Congressman Ted Poe (TX-02)

After the fall of the Alamo, word began to spread like wildfire across the territory.  The horrific tales of the massacre at Goliad had proven that Santa Anna and his army would show no mercy, even for the women and children.  While many families had already begun to flee as early as January 1836, the March 6 slaughter prompted widespread terror and the historic Runaway Scrape began.

Families wasted no time in gathering essentials and setting out towards the Sabine River and into the safe haven of Louisiana or Galveston Island.  Many families left with food on the table, clothes on the line, and ran for their lives with little more than the clothes on their back.  Most of the treacherous journey was led by women with their small children, as only the elderly and boys deemed by their mamas as too young to fight were still at home. 

General Sam Houston and his boys were on the eastward move as well.  By early April, Washington-on-the Brazos was deserted and as General Sam marched on towards the Sabine, there was rarely a sole left behind him.  With these areas unprotected, Texians that stayed behind faced certain death as Santa Anna pressed forward – if the Indians didn’t get there first.

The only solace that the runaways had was that General Sam was between them and death.  At the last meeting in the Alamo, Travis said: "If we hold the Alamo, it is a deed well done! If we fall with it, it is still a deed well done! We pledge our lives to give Houston and Fannin time to get between Santa Anna and the settlements!"

A deed well done indeed.  But assured as they were that General Sam was bringing up the rear, they were faced with another unforeseen obstacle – the always unpredictable Texas weather.  The cold and rainy spring wreaked havoc along the Runaway Scrape.  The runaways lacked the bare essentials of survival and many, mostly children, succumbed to the cold, disease and hunger.

I often talk about the heroes of our independence, but no finer example of heroics was displayed than on this historic exodus.  This was the harshest journey of our fight for independence and it was only made possible by the sheer will and determination of the remarkable women that led the way.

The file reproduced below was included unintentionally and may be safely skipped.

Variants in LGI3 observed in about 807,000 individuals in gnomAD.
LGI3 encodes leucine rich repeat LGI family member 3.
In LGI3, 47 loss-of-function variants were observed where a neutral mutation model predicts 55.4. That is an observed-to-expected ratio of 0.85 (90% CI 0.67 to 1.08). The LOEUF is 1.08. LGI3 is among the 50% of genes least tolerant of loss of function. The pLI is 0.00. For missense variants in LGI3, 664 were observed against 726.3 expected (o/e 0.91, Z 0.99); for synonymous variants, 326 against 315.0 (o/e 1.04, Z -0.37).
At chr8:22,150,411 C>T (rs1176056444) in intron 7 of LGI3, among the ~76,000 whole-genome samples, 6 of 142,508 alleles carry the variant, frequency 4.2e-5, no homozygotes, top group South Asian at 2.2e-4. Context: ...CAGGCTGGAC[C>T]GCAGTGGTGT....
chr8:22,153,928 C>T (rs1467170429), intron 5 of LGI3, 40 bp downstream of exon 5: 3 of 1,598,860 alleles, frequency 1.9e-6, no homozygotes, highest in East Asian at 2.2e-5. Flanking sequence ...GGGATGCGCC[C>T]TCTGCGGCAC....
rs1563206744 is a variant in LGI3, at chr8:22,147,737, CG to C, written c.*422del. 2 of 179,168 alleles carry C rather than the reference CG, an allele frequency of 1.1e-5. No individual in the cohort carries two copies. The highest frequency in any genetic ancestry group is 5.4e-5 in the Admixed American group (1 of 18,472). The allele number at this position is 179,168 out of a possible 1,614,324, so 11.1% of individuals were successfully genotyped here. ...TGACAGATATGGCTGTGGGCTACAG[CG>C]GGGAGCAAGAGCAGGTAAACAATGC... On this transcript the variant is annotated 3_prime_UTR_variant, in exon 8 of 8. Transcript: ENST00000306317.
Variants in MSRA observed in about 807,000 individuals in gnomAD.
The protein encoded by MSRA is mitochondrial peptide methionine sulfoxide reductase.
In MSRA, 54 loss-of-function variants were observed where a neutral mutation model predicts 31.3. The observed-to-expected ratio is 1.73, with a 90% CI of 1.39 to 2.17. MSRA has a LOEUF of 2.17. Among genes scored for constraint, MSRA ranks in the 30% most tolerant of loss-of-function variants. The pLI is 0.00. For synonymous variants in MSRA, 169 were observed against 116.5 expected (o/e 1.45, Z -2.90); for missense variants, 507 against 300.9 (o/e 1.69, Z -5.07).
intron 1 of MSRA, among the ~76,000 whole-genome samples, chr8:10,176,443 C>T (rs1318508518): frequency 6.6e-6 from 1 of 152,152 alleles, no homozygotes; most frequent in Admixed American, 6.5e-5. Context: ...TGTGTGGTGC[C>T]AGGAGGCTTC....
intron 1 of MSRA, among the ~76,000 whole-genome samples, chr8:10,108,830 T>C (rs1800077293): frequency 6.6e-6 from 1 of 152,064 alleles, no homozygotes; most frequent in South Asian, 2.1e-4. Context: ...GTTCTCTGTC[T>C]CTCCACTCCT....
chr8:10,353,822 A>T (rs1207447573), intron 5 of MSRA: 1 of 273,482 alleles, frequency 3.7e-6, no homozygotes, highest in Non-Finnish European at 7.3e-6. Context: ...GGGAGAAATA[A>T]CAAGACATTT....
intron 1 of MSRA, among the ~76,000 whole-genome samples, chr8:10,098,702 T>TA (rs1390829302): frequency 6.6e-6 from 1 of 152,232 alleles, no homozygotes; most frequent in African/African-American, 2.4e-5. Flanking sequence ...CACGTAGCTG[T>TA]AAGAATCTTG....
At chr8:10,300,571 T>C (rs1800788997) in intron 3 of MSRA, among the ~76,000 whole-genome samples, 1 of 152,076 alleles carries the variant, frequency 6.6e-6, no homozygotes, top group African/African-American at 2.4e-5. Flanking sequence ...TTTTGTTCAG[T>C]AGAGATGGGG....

There are countless stories of women who cared for the sick and diseased, sacrificed for the hungry, buried the dead, including their own children, and kept pressing on – never giving up.  They were relentless in their mission and just as much a part of our independence as were their counterparts.  As my grandmother always said, there is nothing more powerful than a woman that has made up her mind.  And these women, these mothers of freedom, had made up their mind.

General Thomas Jefferson Rusk understood Texas women well: "The men of Texas deserved much credit, but more was due the women. Armed men facing a foe could not but be brave; but the women, with their little children around them, without means of defense or power to resist, faced danger and death with unflinching courage."

One such story recounts how one mother strapped a feather mattress to the back of a horse, tied her three young children on and led that horse by foot while carrying a baby on her hip.  This was a prettier picture than most.  As food and supplies were sparse, they also couldn’t afford to have anything extra weigh them down.  The muddied trails to safety were littered with feathers from mattresses and discarded items too burdensome to carry. 

As far as the eye could see, this was the scene along the Runaway Scrape. Most were starving, sick, and barely clothed.  Make shift graves lined the way and areas of high ground offered the only reprieve from the mud-soaked misery.

As General Sam and the boys crossed the San Jacinto, many of the runaways a step ahead faced a rising Trinity River to the east. The flooded waterway and river-bottoms forced them to seek shelter in the Liberty and Dayton settlements.  Today, a historical marker along Highway 90 recognizes this historical part of our Texas history.

On the afternoon of April 21, 1836, the runaways taking refuge along the banks of the Trinity heard the faint sounds of cannon fire in the distance.  Fearing the worst, the runaways wasted no time in ferrying the river and making their escape.  Little did they know at the time, but General Sam and his rag-tag bunch of freedom fighters whipped a vastly larger Mexican army that was caught napping, captured Santa Anna and a new Republic of Texas was won.

Just as terror and panic had raged throughout the land, the news of victory and independence did as well.  The cries from the battlefield, “Remember the Alamo! Remember Goliad!” were echoed along the now abandoned Runaway Scrape and met with, “San Jacinto! San Jacinto!” 

Texas – one and indivisible. 

And that’s just the way it is.